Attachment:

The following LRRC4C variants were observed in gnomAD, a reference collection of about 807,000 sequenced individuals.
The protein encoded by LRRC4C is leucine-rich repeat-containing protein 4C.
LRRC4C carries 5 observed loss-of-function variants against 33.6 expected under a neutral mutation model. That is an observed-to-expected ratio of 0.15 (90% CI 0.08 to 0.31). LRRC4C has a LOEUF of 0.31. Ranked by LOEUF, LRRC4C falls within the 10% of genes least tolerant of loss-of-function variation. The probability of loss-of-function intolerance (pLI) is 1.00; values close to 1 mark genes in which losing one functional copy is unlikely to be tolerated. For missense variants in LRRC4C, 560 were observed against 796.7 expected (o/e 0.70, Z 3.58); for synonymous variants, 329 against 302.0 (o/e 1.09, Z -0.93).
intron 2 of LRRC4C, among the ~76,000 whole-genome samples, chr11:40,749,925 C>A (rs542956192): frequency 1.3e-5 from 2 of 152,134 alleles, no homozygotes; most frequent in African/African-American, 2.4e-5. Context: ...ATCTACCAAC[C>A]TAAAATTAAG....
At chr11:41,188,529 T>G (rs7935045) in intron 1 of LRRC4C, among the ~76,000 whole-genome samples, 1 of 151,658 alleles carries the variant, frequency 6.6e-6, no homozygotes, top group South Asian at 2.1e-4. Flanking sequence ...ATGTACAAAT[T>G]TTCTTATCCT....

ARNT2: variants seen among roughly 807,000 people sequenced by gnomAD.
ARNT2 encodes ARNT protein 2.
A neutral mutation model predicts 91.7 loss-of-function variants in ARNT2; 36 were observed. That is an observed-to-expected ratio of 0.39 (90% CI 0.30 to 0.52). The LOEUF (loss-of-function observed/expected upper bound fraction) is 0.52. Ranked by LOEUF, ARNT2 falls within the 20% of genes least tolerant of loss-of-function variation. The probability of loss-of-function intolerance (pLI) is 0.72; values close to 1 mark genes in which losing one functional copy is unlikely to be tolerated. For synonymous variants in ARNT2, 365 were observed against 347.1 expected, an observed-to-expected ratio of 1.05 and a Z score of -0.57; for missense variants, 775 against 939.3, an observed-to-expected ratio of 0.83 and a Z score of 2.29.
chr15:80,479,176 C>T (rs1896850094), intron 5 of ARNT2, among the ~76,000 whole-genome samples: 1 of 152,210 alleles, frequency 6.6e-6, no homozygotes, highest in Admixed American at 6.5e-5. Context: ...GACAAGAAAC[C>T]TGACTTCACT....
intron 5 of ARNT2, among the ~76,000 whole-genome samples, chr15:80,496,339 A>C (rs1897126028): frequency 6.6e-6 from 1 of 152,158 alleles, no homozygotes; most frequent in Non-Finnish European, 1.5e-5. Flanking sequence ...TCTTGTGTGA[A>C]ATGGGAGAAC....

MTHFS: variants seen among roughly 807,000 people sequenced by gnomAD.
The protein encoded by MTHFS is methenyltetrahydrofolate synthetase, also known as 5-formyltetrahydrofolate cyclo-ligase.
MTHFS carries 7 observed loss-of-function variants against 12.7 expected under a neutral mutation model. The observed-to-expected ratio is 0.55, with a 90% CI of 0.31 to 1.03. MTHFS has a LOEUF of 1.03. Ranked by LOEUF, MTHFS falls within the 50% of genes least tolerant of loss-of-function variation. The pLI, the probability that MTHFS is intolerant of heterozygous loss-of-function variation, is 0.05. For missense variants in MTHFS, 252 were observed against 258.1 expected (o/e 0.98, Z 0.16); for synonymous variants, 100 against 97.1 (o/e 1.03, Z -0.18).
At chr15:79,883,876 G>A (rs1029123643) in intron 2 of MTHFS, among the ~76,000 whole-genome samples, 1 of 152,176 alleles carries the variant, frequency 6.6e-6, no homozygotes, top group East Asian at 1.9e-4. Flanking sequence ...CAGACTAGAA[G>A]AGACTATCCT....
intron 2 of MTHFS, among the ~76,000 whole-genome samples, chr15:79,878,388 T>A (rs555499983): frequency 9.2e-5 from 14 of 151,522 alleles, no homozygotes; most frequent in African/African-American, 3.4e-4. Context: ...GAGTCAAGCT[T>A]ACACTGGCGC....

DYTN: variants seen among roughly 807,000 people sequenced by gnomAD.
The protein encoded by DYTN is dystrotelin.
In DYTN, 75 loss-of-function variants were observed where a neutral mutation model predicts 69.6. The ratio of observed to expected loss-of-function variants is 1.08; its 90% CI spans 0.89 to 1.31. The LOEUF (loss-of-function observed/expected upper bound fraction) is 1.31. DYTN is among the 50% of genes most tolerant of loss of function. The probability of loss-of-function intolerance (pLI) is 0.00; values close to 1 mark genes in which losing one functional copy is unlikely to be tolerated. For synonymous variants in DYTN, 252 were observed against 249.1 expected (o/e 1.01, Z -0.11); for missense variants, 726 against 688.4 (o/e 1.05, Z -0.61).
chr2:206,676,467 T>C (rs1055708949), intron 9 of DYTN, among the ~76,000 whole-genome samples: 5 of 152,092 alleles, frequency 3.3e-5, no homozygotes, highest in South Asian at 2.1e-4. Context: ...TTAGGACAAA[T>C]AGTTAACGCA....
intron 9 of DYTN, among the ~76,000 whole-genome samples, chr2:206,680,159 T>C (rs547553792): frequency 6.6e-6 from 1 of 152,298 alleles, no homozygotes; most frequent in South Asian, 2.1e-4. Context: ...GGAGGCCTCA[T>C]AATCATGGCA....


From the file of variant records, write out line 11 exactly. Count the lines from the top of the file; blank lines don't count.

MTHFS: variants seen among roughly 807,000 people sequenced by gnomAD.